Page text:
2009. are the analysts behind on this? wouter: they are certainly responding to market volatility, and they certainly went into the year with elevated earnings expectations. they are still slightly above where we are in terms of the outlook for the year, but they have come down to levels we think are more appropriate, given where the underlying growth rate is. we are moving that into the channeled growth rate in the eurozone. i think that moved down from what was a really good 2018.it needed to be reflected in certifications, and they have been. they needed the market correction to really see that. or now, we think they are pretty close to where they should be. maybe a tad lower. nejra: one click final question on the fed. we heard jerome powell before we started speaking, saying the balance sheet will be substantially smaller than it is now. what more detail to you need to
hear other than substantially from the fed chairman? onter: i think the fed is, the balance sheet front, still slightly on autopilot mode. they still want the balance sheet to keep on shrinking, as if it is on autopilot. we think that might be a small mistake for them. we think they might need to consider that they need to be more flexible around this, but clearly that is not yet the case. clearly that part of the monetary framework is not in focus. the interest rate outlook is, and they are clearly on par there. but the balance sheet changes. they are on autopilot. we think that is a mistake, but we will see how they move forward here in their guidance, march -- guidance come march. nejra: coming up, from cooling data to brexit, europe is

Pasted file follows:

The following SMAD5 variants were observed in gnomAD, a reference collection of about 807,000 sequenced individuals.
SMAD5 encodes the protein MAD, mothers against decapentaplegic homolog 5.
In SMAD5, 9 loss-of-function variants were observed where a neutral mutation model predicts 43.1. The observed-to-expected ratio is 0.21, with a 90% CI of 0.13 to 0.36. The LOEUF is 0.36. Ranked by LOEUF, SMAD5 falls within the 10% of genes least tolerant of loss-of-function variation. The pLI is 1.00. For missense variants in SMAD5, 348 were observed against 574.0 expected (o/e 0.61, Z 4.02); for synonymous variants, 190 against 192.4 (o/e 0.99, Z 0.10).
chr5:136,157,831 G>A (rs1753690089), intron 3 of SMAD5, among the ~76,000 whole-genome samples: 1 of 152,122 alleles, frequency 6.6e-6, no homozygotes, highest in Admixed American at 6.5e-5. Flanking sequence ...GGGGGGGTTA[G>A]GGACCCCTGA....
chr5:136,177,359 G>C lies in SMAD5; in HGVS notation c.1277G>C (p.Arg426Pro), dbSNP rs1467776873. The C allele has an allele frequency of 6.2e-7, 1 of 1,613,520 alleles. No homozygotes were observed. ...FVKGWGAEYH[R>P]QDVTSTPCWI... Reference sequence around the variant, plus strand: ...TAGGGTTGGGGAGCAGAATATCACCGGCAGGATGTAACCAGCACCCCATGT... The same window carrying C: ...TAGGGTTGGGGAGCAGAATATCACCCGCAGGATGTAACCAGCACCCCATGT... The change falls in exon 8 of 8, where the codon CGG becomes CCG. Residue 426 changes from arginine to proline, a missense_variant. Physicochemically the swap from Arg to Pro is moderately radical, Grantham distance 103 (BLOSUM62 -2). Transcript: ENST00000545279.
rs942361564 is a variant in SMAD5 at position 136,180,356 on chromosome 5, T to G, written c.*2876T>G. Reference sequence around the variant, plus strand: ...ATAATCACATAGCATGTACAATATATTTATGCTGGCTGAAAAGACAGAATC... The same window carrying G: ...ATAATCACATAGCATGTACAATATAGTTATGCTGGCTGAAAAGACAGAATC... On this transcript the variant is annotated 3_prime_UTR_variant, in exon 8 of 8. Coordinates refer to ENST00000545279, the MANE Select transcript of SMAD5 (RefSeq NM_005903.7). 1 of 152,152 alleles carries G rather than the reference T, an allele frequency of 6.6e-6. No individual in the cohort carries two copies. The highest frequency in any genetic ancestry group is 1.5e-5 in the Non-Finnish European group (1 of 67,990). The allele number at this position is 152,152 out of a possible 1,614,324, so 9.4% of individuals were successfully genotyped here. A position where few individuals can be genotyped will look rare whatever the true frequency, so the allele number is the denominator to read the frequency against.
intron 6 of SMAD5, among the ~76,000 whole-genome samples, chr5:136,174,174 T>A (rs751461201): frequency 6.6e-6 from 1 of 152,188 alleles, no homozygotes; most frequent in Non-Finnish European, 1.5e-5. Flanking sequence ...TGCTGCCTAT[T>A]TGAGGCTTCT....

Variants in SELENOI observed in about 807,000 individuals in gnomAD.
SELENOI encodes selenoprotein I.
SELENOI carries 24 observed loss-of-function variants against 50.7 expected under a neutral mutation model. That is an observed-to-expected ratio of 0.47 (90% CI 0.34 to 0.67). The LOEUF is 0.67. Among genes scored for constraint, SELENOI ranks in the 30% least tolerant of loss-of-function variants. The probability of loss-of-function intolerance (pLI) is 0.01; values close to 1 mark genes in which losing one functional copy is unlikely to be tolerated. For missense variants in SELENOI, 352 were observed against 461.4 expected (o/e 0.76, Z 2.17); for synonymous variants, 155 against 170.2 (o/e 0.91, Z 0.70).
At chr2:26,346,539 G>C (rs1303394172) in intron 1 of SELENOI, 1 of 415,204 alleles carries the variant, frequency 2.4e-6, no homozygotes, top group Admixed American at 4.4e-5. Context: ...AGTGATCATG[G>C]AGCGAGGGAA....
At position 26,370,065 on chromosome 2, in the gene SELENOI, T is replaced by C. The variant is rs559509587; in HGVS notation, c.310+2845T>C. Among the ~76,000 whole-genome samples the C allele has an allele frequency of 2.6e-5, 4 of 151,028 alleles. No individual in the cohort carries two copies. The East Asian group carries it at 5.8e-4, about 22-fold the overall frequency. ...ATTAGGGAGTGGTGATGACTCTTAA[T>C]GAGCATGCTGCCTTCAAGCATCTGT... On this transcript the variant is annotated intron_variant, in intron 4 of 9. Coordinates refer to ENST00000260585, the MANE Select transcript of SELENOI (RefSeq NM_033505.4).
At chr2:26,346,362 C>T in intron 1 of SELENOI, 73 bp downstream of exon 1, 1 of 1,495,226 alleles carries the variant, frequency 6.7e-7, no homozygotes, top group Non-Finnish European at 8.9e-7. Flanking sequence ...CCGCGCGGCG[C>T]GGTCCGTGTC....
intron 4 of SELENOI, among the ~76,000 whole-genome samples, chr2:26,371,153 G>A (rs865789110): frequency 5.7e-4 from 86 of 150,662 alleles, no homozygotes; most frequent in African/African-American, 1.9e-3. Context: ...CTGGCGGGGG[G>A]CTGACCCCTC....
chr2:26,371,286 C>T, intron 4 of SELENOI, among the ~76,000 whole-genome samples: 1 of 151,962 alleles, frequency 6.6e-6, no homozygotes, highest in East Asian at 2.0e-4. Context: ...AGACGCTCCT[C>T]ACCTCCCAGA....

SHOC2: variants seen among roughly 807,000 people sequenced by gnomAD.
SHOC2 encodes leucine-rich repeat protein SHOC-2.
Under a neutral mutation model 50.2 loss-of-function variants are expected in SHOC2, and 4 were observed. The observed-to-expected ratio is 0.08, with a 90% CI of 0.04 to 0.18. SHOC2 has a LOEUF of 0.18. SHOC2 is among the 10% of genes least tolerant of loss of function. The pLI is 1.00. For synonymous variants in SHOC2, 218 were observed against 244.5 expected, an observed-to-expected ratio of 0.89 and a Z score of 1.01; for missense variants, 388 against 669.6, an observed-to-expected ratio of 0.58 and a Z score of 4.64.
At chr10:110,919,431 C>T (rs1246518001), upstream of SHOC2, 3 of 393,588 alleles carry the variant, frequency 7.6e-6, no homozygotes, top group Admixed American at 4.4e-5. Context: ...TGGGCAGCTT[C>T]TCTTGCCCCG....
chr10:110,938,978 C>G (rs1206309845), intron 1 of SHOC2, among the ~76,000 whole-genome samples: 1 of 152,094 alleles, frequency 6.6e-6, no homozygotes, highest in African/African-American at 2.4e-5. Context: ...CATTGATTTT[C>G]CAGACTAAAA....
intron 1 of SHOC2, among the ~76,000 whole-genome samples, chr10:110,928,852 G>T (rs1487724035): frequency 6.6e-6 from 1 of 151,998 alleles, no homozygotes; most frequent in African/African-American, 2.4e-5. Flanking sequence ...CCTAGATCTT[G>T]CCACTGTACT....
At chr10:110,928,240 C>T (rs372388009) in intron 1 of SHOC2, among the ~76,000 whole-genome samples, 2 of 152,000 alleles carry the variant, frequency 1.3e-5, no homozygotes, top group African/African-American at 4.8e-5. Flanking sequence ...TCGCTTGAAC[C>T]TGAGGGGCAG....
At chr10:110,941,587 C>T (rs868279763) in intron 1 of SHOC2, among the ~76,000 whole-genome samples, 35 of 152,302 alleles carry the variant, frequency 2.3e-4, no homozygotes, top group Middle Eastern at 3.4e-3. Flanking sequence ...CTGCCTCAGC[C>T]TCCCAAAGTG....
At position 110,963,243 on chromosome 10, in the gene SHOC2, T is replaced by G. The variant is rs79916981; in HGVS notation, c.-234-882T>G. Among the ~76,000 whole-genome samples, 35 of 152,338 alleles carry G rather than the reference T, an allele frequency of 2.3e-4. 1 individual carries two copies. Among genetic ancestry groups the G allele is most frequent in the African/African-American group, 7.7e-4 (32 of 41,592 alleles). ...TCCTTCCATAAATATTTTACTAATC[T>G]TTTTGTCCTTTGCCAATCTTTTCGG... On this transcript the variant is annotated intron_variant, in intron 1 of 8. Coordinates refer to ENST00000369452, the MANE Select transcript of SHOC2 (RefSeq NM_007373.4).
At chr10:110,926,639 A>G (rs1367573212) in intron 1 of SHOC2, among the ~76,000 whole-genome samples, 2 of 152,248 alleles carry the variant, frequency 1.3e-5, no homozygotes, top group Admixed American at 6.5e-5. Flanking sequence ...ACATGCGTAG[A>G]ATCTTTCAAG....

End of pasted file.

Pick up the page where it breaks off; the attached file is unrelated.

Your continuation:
nejra: 7:18 in london. we are 41 minutes from the start of cash equity trading fear in europe, and it looks like we could see gains in european equities. looking at the bigger picture, asian equities had a good week, the best since early november. the yuan has benefited from optimism around trade talks. we heard from fed officials yesterday, powell and claritin. flexibility was the key word. the dollar on the back foot. five-day gainshe we saw in u.s. equities may not continue in today's session.
europe painting a different story. we have seen safe havens spared, the 10 year treasury yields down. gold is higher. with get a bloomberg business flash. here is debra mao. 's billionaire cofounder expects next-generation 5g technologies to energize demand for its smartphones. in the exclusive interview, the ceo showed a plan that wiped off market value. phone maker is looking at expanding into europe while forgoing the u.s. market. priority for our overseas expansion will be european markets. we hope to choose two or three countries to break into to prove xiaomi is capable of putting a footprint in developed countries. that is our global business strategy. debra: the board of google parent alphabet is being sued for a payment for the so-called founder of android and